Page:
‘Dead in the Water’ Earns a Solid Four out of Five

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Dead in the water by carola dunnWith Dead in the Water, the sixth book in Carola Dunn’s Daisy Dalrymple series, Daisy visits her aunt’s house to cover the social events at the Henley-on-Thames regatta, where her cousin’s rowing team for Ambrose College of Oxford is competing. She discovers that the team of 8 has personal conflicts, with the Honourable Basil Delancy going out of his way to be rude to everyone but especially to the cox Horace Bott, who has just graduated with a first (the Oxford version of our summa cum laude) in both science and math, for being the son middle-class son of a shopkeeper instead of aristocracy as Delancy is.

So when Delancy falls over dead in the middle of his race, the victim of an attack to his head that could have happened anytime in the previous few days, everyone assumes that Bott must be responsible. Alec Fletcher, Daisy’s fiance and a Detective Chief Inspector of Scotland Yard, has gotten the weekend off from his duties to spend with Daisy, but his being present at the death and the Daisy’s involvement forces him to take charge. Fletcher’s bosses tremble in fear when they hear Daisy’s name, knowing her propensity for “falling over bodies” and “meddling” in their cases, so they rely on Alec to try to handle her, though they realize that no one can really stop Daisy from acting once she gets involved.

This book begins enjoyably, but I found the ending less satisfactory than usual. I enjoyed meeting more of Daisy’s family and the members of the Ambrose crew.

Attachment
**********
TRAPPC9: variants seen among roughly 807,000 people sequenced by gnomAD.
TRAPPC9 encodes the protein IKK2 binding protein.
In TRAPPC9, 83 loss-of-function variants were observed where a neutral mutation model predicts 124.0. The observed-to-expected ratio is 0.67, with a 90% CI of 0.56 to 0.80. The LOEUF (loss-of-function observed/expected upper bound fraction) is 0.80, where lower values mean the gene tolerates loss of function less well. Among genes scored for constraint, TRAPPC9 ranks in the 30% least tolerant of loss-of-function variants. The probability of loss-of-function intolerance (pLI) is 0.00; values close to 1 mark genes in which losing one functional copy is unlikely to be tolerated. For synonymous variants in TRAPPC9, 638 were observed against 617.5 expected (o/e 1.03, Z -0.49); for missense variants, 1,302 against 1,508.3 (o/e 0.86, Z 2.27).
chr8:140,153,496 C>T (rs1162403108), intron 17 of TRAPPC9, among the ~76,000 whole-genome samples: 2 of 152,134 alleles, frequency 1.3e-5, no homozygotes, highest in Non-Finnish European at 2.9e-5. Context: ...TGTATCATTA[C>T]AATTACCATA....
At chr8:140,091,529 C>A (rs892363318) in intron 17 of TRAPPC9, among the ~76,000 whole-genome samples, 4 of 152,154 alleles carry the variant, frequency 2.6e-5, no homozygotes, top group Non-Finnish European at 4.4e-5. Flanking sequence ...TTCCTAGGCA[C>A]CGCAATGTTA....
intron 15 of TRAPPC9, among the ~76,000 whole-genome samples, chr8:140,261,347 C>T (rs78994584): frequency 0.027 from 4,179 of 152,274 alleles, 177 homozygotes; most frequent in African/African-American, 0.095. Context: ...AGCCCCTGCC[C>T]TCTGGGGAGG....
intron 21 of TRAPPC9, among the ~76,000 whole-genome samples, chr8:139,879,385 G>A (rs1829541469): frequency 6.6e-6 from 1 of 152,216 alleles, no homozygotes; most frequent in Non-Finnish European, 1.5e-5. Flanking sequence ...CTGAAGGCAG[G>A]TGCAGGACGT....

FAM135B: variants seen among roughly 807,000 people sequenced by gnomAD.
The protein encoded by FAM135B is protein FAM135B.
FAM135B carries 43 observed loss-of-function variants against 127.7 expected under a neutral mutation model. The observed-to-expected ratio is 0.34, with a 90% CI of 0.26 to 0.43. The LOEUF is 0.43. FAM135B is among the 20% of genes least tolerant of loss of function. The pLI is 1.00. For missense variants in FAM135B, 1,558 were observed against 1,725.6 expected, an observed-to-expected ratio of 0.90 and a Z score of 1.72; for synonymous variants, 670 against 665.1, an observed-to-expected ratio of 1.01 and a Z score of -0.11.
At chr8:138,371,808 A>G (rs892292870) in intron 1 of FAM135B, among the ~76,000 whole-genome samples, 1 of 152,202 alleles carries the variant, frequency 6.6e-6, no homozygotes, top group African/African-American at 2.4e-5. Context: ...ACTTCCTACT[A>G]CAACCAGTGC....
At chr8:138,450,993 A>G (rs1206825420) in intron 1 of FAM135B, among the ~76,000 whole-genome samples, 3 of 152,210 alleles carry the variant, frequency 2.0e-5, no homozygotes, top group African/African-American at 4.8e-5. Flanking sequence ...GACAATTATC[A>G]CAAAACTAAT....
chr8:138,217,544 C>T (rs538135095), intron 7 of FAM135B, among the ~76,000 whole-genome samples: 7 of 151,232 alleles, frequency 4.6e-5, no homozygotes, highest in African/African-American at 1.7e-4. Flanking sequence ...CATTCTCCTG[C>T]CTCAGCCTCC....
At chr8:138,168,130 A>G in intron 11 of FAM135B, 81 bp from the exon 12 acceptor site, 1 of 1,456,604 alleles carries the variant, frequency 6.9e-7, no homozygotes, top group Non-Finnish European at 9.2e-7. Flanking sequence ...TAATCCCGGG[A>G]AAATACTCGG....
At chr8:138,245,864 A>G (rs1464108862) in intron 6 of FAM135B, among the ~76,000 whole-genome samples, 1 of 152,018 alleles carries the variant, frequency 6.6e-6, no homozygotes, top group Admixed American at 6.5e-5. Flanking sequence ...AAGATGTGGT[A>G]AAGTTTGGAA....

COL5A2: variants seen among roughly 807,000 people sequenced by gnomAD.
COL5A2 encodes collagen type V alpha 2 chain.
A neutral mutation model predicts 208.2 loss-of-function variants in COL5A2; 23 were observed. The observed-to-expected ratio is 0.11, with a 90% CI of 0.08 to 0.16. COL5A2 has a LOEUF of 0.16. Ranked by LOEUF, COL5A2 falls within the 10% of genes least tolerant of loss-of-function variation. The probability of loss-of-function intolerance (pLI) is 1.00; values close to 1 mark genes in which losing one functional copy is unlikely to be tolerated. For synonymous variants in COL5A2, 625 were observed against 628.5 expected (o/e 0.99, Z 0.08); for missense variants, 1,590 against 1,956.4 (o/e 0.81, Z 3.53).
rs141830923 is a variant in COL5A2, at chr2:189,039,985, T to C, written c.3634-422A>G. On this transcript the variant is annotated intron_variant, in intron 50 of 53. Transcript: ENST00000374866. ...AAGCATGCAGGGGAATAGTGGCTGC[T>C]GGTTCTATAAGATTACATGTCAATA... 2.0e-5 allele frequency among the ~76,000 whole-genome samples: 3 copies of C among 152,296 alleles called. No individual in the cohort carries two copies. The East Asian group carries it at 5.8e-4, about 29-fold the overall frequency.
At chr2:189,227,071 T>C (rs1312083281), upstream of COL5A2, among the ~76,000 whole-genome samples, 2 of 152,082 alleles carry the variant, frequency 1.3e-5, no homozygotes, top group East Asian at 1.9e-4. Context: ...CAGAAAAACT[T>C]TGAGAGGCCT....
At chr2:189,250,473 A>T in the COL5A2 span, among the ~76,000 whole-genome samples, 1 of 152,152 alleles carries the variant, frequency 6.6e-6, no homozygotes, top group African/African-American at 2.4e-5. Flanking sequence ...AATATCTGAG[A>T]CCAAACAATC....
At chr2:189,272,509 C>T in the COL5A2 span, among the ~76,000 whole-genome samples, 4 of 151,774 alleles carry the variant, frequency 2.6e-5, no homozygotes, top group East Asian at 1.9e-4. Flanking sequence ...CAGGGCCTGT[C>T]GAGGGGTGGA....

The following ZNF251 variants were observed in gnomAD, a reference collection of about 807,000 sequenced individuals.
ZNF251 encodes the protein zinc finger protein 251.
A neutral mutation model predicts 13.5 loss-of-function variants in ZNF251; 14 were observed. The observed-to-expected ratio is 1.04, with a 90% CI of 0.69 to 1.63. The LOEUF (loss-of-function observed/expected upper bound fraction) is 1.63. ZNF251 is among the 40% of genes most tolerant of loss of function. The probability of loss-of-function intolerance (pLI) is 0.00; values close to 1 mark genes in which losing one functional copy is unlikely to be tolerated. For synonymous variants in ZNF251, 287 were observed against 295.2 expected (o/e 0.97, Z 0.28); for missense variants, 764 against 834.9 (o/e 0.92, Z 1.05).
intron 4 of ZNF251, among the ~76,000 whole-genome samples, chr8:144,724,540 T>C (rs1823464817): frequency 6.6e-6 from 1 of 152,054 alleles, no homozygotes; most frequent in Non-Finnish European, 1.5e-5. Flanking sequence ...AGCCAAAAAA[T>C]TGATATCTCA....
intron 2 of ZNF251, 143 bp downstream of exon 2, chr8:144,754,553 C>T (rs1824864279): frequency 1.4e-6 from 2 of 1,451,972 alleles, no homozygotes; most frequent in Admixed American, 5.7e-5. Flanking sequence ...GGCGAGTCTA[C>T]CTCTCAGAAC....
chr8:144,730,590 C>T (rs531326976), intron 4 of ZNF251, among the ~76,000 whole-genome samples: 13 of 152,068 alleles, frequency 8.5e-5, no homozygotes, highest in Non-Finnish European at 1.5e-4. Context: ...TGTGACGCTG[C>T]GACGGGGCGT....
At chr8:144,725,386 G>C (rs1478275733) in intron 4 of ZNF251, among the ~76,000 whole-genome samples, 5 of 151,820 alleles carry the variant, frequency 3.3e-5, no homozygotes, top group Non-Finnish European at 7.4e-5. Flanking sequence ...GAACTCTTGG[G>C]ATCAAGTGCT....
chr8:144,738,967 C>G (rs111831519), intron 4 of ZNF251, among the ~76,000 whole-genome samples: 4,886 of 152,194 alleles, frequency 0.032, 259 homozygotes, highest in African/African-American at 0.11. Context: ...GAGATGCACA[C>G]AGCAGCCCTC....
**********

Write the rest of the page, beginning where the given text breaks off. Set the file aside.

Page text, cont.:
This book further deals with the theme of class, especially showing how the aristocratic Basil Delancy has no real class despite being considered high class. The brilliant Horace Bott, of the middle class, has better class, but he is so bitter about the bad way he has been treated for his station in life that he takes it out on the rest of the world. However, his girl, who grew up with him, is delightful and brings out the best in him.

A theme of this series that I have not addressed so far in these reviews is the aftermath of the Great War, which ended five years earlier. Daisy lost her brother in the war, and that had a direct effect on her position because that led to a distant cousin’s inheriting the title, leaving Daisy without any money of her own and pushing her to work for a living. In addition, Daisy’s fiance, a conscientious objector, was killed when the ambulance he was driving was blown up in a landmine. Even five years later, most people show scorn and contempt towards Michael for not fighting, despite his willingness to give his life in driving the ambulance. In Dead in the Water, Basil Delancy’s older brother, Lord Delancy, is terrified of any publicity about the family because he had a bad war record that had been hushed up because his father was important in government, and he fears that someone may bring up that he had led his men into a massacre from behind. Another way the book addresses issues of the war is that some of the oarsmen are older than the average student because they had fought in the war instead of going to university after high school.

Once again, Mia Chiaromonte narrates this series and does a great job. I enjoy listening to her.

For the fun atmosphere of the regatta and the interesting set-up of the book, despite my not liking the conclusion as much at others in this series, I give this book four stars.

Dead in the Water (Daisy Dalrymple) by Carola Dunn is available now. To order from Amazon, click the link in the title–or check your locak bookstore or library for a copy.

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Dead in the Water
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